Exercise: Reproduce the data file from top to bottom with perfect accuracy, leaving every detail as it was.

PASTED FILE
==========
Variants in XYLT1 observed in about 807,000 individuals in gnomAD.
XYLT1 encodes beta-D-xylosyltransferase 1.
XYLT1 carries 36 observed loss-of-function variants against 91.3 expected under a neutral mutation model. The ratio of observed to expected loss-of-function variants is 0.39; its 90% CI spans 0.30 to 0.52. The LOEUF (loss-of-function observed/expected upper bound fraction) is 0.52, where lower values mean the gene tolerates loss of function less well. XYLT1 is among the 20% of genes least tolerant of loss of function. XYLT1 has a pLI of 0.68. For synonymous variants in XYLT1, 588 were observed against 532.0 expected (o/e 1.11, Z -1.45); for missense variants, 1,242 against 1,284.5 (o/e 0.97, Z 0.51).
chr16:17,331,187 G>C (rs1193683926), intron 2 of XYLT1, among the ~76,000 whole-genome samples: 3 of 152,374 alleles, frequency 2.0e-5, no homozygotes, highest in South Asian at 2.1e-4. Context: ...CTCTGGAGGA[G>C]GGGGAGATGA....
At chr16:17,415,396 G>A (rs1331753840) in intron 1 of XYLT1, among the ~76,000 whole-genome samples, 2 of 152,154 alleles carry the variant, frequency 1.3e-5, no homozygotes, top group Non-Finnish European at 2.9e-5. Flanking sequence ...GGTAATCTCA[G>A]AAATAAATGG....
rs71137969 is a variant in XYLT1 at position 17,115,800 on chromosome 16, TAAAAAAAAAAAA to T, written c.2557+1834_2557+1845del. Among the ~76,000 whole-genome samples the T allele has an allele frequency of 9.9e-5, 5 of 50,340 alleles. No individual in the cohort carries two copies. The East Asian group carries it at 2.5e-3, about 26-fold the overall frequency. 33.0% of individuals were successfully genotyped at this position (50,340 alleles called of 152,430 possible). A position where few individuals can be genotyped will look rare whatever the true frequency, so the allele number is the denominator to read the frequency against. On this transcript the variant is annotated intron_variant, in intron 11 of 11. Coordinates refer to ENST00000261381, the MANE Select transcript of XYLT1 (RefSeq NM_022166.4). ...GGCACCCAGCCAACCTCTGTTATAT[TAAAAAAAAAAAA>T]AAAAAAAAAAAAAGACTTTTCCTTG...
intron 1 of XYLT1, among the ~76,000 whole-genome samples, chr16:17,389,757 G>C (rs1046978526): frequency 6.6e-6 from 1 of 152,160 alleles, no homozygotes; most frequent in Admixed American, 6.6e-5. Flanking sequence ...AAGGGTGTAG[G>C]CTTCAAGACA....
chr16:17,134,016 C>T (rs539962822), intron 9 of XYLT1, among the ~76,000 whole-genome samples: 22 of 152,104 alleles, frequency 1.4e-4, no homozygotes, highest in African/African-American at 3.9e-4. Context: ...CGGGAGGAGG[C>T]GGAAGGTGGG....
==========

Variants in XYLT1 observed in about 807,000 individuals in gnomAD.
XYLT1 encodes beta-D-xylosyltransferase 1.
XYLT1 carries 36 observed loss-of-function variants against 91.3 expected under a neutral mutation model. The ratio of observed to expected loss-of-function variants is 0.39; its 90% CI spans 0.30 to 0.52. The LOEUF (loss-of-function observed/expected upper bound fraction) is 0.52, where lower values mean the gene tolerates loss of function less well. XYLT1 is among the 20% of genes least tolerant of loss of function. XYLT1 has a pLI of 0.68. For synonymous variants in XYLT1, 588 were observed against 532.0 expected (o/e 1.11, Z -1.45); for missense variants, 1,242 against 1,284.5 (o/e 0.97, Z 0.51).
chr16:17,331,187 G>C (rs1193683926), intron 2 of XYLT1, among the ~76,000 whole-genome samples: 3 of 152,374 alleles, frequency 2.0e-5, no homozygotes, highest in South Asian at 2.1e-4. Context: ...CTCTGGAGGA[G>C]GGGGAGATGA....
At chr16:17,415,396 G>A (rs1331753840) in intron 1 of XYLT1, among the ~76,000 whole-genome samples, 2 of 152,154 alleles carry the variant, frequency 1.3e-5, no homozygotes, top group Non-Finnish European at 2.9e-5. Flanking sequence ...GGTAATCTCA[G>A]AAATAAATGG....
rs71137969 is a variant in XYLT1 at position 17,115,800 on chromosome 16, TAAAAAAAAAAAA to T, written c.2557+1834_2557+1845del. Among the ~76,000 whole-genome samples the T allele has an allele frequency of 9.9e-5, 5 of 50,340 alleles. No individual in the cohort carries two copies. The East Asian group carries it at 2.5e-3, about 26-fold the overall frequency. 33.0% of individuals were successfully genotyped at this position (50,340 alleles called of 152,430 possible). A position where few individuals can be genotyped will look rare whatever the true frequency, so the allele number is the denominator to read the frequency against. On this transcript the variant is annotated intron_variant, in intron 11 of 11. Coordinates refer to ENST00000261381, the MANE Select transcript of XYLT1 (RefSeq NM_022166.4). ...GGCACCCAGCCAACCTCTGTTATAT[TAAAAAAAAAAAA>T]AAAAAAAAAAAAAGACTTTTCCTTG...
intron 1 of XYLT1, among the ~76,000 whole-genome samples, chr16:17,389,757 G>C (rs1046978526): frequency 6.6e-6 from 1 of 152,160 alleles, no homozygotes; most frequent in Admixed American, 6.6e-5. Flanking sequence ...AAGGGTGTAG[G>C]CTTCAAGACA....
chr16:17,134,016 C>T (rs539962822), intron 9 of XYLT1, among the ~76,000 whole-genome samples: 22 of 152,104 alleles, frequency 1.4e-4, no homozygotes, highest in African/African-American at 3.9e-4. Context: ...CGGGAGGAGG[C>T]GGAAGGTGGG....